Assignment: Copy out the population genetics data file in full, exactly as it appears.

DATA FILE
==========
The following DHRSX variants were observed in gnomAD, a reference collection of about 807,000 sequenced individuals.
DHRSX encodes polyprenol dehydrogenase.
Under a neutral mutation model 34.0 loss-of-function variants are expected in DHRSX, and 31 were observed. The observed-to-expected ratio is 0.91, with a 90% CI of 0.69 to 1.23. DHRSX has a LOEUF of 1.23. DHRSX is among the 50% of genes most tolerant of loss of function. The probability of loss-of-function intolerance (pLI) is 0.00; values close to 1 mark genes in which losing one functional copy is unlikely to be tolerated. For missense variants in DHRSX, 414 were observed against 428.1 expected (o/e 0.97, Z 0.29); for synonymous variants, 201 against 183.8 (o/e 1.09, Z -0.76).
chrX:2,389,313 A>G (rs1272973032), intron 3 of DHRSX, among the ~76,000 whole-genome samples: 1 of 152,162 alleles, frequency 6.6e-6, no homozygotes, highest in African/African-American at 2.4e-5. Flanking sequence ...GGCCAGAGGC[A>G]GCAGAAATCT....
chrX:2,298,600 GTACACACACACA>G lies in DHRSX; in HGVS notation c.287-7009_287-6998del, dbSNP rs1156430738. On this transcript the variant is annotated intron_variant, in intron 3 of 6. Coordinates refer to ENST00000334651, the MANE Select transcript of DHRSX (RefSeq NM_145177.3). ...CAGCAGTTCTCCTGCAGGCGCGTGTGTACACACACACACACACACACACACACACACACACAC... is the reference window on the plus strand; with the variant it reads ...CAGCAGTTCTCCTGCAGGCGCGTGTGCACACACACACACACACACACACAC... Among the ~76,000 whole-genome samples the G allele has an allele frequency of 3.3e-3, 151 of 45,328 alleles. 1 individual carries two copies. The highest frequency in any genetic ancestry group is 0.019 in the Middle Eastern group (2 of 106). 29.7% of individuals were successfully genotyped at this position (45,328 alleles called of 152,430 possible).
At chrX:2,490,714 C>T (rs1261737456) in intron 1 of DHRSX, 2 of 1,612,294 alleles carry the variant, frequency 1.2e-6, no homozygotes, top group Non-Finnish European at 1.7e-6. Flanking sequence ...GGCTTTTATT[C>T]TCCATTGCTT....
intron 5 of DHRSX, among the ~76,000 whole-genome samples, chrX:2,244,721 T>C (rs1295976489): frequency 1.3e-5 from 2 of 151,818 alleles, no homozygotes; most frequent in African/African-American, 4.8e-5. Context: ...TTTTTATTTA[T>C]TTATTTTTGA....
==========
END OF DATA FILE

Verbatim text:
The following DHRSX variants were observed in gnomAD, a reference collection of about 807,000 sequenced individuals.
DHRSX encodes polyprenol dehydrogenase.
Under a neutral mutation model 34.0 loss-of-function variants are expected in DHRSX, and 31 were observed. The observed-to-expected ratio is 0.91, with a 90% CI of 0.69 to 1.23. DHRSX has a LOEUF of 1.23. DHRSX is among the 50% of genes most tolerant of loss of function. The probability of loss-of-function intolerance (pLI) is 0.00; values close to 1 mark genes in which losing one functional copy is unlikely to be tolerated. For missense variants in DHRSX, 414 were observed against 428.1 expected (o/e 0.97, Z 0.29); for synonymous variants, 201 against 183.8 (o/e 1.09, Z -0.76).
chrX:2,389,313 A>G (rs1272973032), intron 3 of DHRSX, among the ~76,000 whole-genome samples: 1 of 152,162 alleles, frequency 6.6e-6, no homozygotes, highest in African/African-American at 2.4e-5. Flanking sequence ...GGCCAGAGGC[A>G]GCAGAAATCT....
chrX:2,298,600 GTACACACACACA>G lies in DHRSX; in HGVS notation c.287-7009_287-6998del, dbSNP rs1156430738. On this transcript the variant is annotated intron_variant, in intron 3 of 6. Coordinates refer to ENST00000334651, the MANE Select transcript of DHRSX (RefSeq NM_145177.3). ...CAGCAGTTCTCCTGCAGGCGCGTGTGTACACACACACACACACACACACACACACACACACAC... is the reference window on the plus strand; with the variant it reads ...CAGCAGTTCTCCTGCAGGCGCGTGTGCACACACACACACACACACACACAC... Among the ~76,000 whole-genome samples the G allele has an allele frequency of 3.3e-3, 151 of 45,328 alleles. 1 individual carries two copies. The highest frequency in any genetic ancestry group is 0.019 in the Middle Eastern group (2 of 106). 29.7% of individuals were successfully genotyped at this position (45,328 alleles called of 152,430 possible).
At chrX:2,490,714 C>T (rs1261737456) in intron 1 of DHRSX, 2 of 1,612,294 alleles carry the variant, frequency 1.2e-6, no homozygotes, top group Non-Finnish European at 1.7e-6. Flanking sequence ...GGCTTTTATT[C>T]TCCATTGCTT....
intron 5 of DHRSX, among the ~76,000 whole-genome samples, chrX:2,244,721 T>C (rs1295976489): frequency 1.3e-5 from 2 of 151,818 alleles, no homozygotes; most frequent in African/African-American, 4.8e-5. Context: ...TTTTTATTTA[T>C]TTATTTTTGA....